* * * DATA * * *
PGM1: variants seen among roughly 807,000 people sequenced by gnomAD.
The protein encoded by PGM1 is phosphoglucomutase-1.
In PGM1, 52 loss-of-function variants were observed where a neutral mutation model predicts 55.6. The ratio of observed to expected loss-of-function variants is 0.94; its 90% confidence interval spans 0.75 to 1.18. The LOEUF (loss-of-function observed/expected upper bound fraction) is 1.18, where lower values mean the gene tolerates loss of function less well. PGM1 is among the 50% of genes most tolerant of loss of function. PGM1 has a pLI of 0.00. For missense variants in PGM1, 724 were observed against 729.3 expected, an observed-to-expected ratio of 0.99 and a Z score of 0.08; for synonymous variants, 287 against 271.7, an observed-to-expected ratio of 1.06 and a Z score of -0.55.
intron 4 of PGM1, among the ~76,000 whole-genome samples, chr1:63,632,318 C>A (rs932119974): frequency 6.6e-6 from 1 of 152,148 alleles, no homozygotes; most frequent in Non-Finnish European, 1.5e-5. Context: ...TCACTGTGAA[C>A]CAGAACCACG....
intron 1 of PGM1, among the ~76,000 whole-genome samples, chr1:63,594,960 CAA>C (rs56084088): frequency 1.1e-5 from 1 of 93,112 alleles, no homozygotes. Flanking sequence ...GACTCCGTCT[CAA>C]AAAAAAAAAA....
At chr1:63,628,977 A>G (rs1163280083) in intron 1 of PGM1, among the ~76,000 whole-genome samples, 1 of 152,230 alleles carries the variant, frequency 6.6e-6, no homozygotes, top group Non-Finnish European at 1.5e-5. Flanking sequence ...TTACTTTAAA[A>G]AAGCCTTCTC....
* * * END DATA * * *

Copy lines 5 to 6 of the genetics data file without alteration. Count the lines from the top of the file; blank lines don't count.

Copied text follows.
intron 1 of PGM1, among the ~76,000 whole-genome samples, chr1:63,594,960 CAA>C (rs56084088): frequency 1.1e-5 from 1 of 93,112 alleles, no homozygotes. Flanking sequence ...GACTCCGTCT[CAA>C]AAAAAAAAAA....
At chr1:63,628,977 A>G (rs1163280083) in intron 1 of PGM1, among the ~76,000 whole-genome samples, 1 of 152,230 alleles carries the variant, frequency 6.6e-6, no homozygotes, top group Non-Finnish European at 1.5e-5. Flanking sequence ...TTACTTTAAA[A>G]AAGCCTTCTC....